The city's proposed new four-year contract with the Portland Police Association is finally expected to become official next week—later than initially expected, the Mercury has learned, after some last-minute heartburn over a new provision ending payouts for time off earned while working holidays.

Anna Kanwit, director of the Bureau of Human Resources, confirmed that city officials realized a potentially expensive loophole in that provision while parsing through the "tentative agreement" [part 1 (pdf); part 2 (pdf)] the two sides reached on the contract earlier this fall.

Starting January 1, Kanwit says, officers will no longer be able to cash out time off earned for working holiday absent a formal agreement with the city. And that time off will be capped at 60 hours. That's the easy part. The hard part is what happens to all the so-called "compensatory time" cops already have on the books. And that issue, if it breaks the wrong way for the city, could cost just shy of $1 million, Kanwit says.

The deal with the union attacks that time off in two ways: First off, anything over 60 hours will be automatically cashed out. That's a measurable, budgeted hit. The wild card, Kanwit says, is what officers do with the remaining 60 hours. Historically, just 39 percent of officers have cashed out their holiday time instead of banking it for vacations. But now that the other 61 percent know they're losing the option? They might all decide to cash in.

Both sides tentatively signed the deal in October. PPA members ratified the terms (77 percent of members who voted said yes) in late November. But Kanwit says that million-dollar gave everyone pause in the past few weeks since the union voted.

"Our discussion was if there was something we should do to mitigate it," she says, saying the answer was "no," that it didn't make sense to reopen the agreement. "It's a one-time hit."

PPA President Daryl Turner has not replied to requests for comment on the contract, saying he was "busy" the one time he did pick up the phone.

The provision for holiday time cash-outs—which cost the police bureau about $1.2 million a year, but with the promise that it could vary—was among the more important subjects in negotiations. The cash-outs were added in the last contract, approved in 2011, but they proved difficult to budget, Kanwit says. That was borne out by a budget review in 2012 that blamed the provision for a huge surge in surprise costs in the police budget.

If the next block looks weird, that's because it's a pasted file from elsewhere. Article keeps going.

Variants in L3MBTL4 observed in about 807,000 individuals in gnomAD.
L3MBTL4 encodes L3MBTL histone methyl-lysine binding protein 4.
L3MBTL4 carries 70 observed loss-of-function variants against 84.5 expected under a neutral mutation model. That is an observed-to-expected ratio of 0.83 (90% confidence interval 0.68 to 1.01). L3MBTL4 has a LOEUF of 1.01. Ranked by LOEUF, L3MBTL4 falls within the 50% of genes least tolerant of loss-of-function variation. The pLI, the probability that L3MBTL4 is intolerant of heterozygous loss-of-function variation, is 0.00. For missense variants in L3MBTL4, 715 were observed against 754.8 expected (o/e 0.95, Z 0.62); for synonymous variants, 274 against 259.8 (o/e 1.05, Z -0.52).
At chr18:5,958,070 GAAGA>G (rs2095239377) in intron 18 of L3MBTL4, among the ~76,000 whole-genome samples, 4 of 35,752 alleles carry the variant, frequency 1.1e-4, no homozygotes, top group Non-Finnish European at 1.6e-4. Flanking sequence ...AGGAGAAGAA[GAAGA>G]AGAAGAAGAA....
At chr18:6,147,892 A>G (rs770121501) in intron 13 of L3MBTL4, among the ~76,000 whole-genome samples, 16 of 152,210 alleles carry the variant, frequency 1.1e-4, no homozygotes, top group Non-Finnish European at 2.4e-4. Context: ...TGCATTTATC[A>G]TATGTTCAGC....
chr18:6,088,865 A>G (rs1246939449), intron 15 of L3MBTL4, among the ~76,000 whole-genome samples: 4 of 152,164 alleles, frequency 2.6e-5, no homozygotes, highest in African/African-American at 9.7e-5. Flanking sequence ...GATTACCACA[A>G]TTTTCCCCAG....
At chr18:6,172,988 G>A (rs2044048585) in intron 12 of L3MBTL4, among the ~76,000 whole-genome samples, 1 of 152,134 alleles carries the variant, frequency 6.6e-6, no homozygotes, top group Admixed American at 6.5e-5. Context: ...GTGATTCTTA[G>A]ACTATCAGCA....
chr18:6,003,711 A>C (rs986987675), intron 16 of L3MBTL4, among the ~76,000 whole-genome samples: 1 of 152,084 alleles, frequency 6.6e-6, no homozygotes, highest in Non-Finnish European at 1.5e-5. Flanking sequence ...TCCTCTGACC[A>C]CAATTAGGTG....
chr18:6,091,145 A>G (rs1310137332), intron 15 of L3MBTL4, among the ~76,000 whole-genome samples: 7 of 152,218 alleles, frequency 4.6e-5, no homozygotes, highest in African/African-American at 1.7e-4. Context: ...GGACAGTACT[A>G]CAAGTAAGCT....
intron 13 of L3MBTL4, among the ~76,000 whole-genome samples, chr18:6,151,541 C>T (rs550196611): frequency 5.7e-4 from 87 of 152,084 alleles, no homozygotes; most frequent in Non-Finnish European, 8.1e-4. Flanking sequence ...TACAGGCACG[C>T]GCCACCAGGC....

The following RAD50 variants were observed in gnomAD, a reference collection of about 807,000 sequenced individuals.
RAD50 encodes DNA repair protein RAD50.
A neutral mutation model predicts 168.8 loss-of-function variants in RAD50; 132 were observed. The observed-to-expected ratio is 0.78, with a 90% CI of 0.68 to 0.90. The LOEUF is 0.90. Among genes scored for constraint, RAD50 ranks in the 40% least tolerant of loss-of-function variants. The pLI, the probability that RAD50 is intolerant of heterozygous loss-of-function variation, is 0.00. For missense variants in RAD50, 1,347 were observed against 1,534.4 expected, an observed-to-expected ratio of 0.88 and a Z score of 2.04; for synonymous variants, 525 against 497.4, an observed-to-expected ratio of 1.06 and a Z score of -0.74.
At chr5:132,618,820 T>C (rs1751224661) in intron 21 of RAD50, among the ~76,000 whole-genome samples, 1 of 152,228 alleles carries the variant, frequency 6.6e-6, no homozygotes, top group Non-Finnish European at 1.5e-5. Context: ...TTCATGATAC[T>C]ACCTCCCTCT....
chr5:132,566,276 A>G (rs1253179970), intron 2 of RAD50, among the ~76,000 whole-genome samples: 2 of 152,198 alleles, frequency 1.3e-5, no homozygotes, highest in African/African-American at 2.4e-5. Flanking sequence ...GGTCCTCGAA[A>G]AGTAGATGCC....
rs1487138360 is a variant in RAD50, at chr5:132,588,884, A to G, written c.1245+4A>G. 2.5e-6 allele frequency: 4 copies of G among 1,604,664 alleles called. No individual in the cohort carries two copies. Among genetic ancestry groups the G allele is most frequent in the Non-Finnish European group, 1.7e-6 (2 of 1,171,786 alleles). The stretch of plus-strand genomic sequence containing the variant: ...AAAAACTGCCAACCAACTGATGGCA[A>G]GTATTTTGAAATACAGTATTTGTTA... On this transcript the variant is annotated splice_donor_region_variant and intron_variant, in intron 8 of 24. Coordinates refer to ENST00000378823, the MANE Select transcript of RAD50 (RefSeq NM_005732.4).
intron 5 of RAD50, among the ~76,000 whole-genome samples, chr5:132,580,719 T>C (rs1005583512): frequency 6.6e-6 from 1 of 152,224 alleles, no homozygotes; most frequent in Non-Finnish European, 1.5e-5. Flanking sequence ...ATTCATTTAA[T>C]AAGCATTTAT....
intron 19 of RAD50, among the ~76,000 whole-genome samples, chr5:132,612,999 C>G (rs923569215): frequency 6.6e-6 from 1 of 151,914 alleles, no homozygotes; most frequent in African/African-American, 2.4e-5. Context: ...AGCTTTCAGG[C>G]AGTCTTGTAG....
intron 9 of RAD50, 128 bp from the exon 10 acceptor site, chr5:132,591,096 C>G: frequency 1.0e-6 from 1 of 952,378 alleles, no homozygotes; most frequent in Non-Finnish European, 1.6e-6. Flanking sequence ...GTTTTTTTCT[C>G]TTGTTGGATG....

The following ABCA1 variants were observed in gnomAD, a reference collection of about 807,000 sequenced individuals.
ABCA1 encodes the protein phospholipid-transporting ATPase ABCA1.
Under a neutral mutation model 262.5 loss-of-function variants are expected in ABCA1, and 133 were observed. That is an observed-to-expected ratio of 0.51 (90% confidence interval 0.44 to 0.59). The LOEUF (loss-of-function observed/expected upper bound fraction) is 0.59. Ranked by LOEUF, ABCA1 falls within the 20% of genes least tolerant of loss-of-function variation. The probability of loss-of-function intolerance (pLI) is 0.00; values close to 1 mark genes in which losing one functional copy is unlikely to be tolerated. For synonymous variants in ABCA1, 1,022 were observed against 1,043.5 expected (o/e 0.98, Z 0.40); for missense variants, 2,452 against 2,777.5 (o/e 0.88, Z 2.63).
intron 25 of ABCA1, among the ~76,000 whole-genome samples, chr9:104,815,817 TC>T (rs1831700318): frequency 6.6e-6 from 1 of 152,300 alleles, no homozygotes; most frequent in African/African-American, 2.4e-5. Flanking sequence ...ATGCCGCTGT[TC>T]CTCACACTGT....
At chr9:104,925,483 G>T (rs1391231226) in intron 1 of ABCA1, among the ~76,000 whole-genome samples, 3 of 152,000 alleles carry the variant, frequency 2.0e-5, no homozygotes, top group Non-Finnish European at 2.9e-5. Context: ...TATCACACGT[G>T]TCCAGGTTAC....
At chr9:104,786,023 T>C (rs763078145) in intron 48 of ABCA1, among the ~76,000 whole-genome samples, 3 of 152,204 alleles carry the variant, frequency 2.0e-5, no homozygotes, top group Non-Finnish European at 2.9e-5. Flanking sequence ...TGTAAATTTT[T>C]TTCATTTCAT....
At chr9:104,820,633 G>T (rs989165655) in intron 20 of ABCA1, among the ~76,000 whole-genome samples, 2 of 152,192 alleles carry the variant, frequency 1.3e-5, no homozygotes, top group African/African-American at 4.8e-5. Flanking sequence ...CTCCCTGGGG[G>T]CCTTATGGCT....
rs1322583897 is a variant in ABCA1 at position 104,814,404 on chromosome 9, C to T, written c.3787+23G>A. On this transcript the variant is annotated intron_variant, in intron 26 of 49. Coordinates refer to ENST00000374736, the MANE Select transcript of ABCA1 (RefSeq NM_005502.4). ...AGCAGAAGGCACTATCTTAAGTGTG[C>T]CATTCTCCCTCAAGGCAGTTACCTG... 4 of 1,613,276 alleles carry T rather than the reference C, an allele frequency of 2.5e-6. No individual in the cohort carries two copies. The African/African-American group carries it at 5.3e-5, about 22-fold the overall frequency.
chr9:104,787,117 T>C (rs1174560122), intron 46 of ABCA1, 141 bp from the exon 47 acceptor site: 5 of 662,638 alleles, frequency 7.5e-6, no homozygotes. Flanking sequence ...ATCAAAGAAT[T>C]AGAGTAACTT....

Aside from granting new cost-of-living salary increases, Kanwit says BHR was committed to not putting "new money in this contract."

So with Turner and his team interested in adding premiums and perks—hazard pay, premiums for sergeants who now have more responsibility under federal reforms, canine handler pay, more money for working odd shifts, and more pay for long-tenured cops—that $1.2 million emerged as the best bargaining chip.

That trade "all works," Kanwit says, "and it's cost neutral."

Kanwit did make sure to point out another cut, however. A controversial "fitness" premium, which ballooned into a $583,000 annual expense after it turned out cops would qualify merely for undergoing blood pressure tests and other exams, was erased from the deal and not part of the discussion over premiums.

A figure for the cost-of-living increase has not been provided. I've called the city's budget director, Andrew Scott, for more information. During the last contract, different interpretations of the contract led to some wildly different figures for how much the PPA contract would cost.

But Kanwit and a spokesman for Mayor Charlie Hales, Dana Haynes, both insist that such an increase has previously been factored into city budget forecasts.

"They zeroed out the revenue impact," Haynes says.

Kanwit acknowledged the other difficulty looming over these contract talks: federal reforms, including the prospect of a federal trial over how police use force. A deal with the union seems to have averted that possibility with the union agreeing not to use its contract to challenge changes in use of force policies and training and the addition of a "discipline matrix."

Kanwit and Haynes both pointed to another concession: For the first year of the contract, like all other unions, the city is awarding half of the state's indexed cost of living increase. And that won't even apply to the beginning of this fiscal year. It'll be retroactive to August 29, about when most of the contract was jointly tentatively approved. Perks and premiums won't take effect until January 1, another departure.

The city's goal, she says, was to encourage unions to settle quickly. Last time, the PPA and city ratified their contract almost a year after the previous one expired.

"It sends a strong message to the unions," she says, "that it's important to get bargaining done."